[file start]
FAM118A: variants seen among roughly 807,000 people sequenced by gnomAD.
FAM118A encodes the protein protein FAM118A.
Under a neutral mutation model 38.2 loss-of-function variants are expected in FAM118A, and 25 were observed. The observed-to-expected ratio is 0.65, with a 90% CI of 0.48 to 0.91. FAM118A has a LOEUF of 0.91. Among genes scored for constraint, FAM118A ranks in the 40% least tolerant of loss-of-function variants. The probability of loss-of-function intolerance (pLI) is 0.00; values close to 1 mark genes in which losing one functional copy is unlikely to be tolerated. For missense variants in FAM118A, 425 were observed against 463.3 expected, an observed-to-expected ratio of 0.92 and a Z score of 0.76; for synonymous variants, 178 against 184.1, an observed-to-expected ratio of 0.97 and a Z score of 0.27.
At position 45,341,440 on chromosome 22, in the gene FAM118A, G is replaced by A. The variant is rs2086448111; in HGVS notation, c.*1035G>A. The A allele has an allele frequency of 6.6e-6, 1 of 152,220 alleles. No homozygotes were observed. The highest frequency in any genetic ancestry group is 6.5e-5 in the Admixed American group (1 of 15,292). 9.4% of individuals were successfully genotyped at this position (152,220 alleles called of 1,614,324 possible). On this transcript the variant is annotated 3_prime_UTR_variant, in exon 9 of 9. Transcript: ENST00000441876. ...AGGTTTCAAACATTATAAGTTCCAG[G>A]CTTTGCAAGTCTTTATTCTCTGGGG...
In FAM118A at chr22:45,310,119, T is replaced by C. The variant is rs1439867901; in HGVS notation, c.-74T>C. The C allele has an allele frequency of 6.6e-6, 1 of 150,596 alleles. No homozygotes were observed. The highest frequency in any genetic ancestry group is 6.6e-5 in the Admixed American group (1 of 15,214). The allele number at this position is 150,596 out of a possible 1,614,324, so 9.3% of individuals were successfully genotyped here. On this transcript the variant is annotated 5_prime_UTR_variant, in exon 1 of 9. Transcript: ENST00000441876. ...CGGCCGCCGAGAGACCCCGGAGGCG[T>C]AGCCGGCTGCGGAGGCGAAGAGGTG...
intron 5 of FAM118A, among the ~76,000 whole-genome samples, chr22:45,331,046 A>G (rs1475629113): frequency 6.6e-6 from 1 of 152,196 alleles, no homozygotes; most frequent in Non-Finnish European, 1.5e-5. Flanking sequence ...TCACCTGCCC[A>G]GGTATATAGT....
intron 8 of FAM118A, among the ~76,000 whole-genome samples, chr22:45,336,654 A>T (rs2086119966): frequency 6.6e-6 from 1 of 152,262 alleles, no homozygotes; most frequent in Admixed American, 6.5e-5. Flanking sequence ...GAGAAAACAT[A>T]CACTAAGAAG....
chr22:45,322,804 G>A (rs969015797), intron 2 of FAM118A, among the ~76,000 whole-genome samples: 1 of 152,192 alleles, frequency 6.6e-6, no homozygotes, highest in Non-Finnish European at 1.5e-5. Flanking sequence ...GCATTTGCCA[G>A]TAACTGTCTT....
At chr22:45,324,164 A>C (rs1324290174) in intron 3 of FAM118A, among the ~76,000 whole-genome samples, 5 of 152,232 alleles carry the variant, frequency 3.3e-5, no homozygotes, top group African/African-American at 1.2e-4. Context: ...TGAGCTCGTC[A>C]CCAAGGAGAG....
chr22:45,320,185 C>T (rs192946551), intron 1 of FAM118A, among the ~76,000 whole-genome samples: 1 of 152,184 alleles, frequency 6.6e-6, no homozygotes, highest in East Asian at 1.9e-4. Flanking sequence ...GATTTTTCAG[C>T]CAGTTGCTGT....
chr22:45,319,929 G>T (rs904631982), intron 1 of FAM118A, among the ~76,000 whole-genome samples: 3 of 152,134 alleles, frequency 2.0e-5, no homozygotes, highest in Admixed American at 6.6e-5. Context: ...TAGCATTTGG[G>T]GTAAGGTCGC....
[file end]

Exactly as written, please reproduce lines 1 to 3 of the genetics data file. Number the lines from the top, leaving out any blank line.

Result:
FAM118A: variants seen among roughly 807,000 people sequenced by gnomAD.
FAM118A encodes the protein protein FAM118A.
Under a neutral mutation model 38.2 loss-of-function variants are expected in FAM118A, and 25 were observed. The observed-to-expected ratio is 0.65, with a 90% CI of 0.48 to 0.91. FAM118A has a LOEUF of 0.91. Among genes scored for constraint, FAM118A ranks in the 40% least tolerant of loss-of-function variants. The probability of loss-of-function intolerance (pLI) is 0.00; values close to 1 mark genes in which losing one functional copy is unlikely to be tolerated. For missense variants in FAM118A, 425 were observed against 463.3 expected, an observed-to-expected ratio of 0.92 and a Z score of 0.76; for synonymous variants, 178 against 184.1, an observed-to-expected ratio of 0.97 and a Z score of 0.27.